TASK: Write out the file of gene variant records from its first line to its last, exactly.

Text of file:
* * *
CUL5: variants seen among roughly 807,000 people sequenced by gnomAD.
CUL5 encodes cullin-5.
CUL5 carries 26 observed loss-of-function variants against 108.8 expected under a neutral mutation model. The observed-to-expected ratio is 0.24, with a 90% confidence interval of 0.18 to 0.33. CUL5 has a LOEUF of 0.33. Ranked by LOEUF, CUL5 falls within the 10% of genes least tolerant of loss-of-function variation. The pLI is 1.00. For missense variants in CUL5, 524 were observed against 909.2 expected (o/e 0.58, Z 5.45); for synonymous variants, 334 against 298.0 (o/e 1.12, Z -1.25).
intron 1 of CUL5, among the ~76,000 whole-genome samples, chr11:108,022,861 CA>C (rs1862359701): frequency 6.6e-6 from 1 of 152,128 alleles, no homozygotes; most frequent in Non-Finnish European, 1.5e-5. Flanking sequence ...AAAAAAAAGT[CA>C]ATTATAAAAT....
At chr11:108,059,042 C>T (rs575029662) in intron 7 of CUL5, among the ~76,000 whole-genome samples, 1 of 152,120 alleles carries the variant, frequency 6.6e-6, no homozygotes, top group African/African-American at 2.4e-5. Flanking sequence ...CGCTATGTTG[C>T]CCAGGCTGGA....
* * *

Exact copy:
CUL5: variants seen among roughly 807,000 people sequenced by gnomAD.
CUL5 encodes cullin-5.
CUL5 carries 26 observed loss-of-function variants against 108.8 expected under a neutral mutation model. The observed-to-expected ratio is 0.24, with a 90% confidence interval of 0.18 to 0.33. CUL5 has a LOEUF of 0.33. Ranked by LOEUF, CUL5 falls within the 10% of genes least tolerant of loss-of-function variation. The pLI is 1.00. For missense variants in CUL5, 524 were observed against 909.2 expected (o/e 0.58, Z 5.45); for synonymous variants, 334 against 298.0 (o/e 1.12, Z -1.25).
intron 1 of CUL5, among the ~76,000 whole-genome samples, chr11:108,022,861 CA>C (rs1862359701): frequency 6.6e-6 from 1 of 152,128 alleles, no homozygotes; most frequent in Non-Finnish European, 1.5e-5. Flanking sequence ...AAAAAAAAGT[CA>C]ATTATAAAAT....
At chr11:108,059,042 C>T (rs575029662) in intron 7 of CUL5, among the ~76,000 whole-genome samples, 1 of 152,120 alleles carries the variant, frequency 6.6e-6, no homozygotes, top group African/African-American at 2.4e-5. Flanking sequence ...CGCTATGTTG[C>T]CCAGGCTGGA....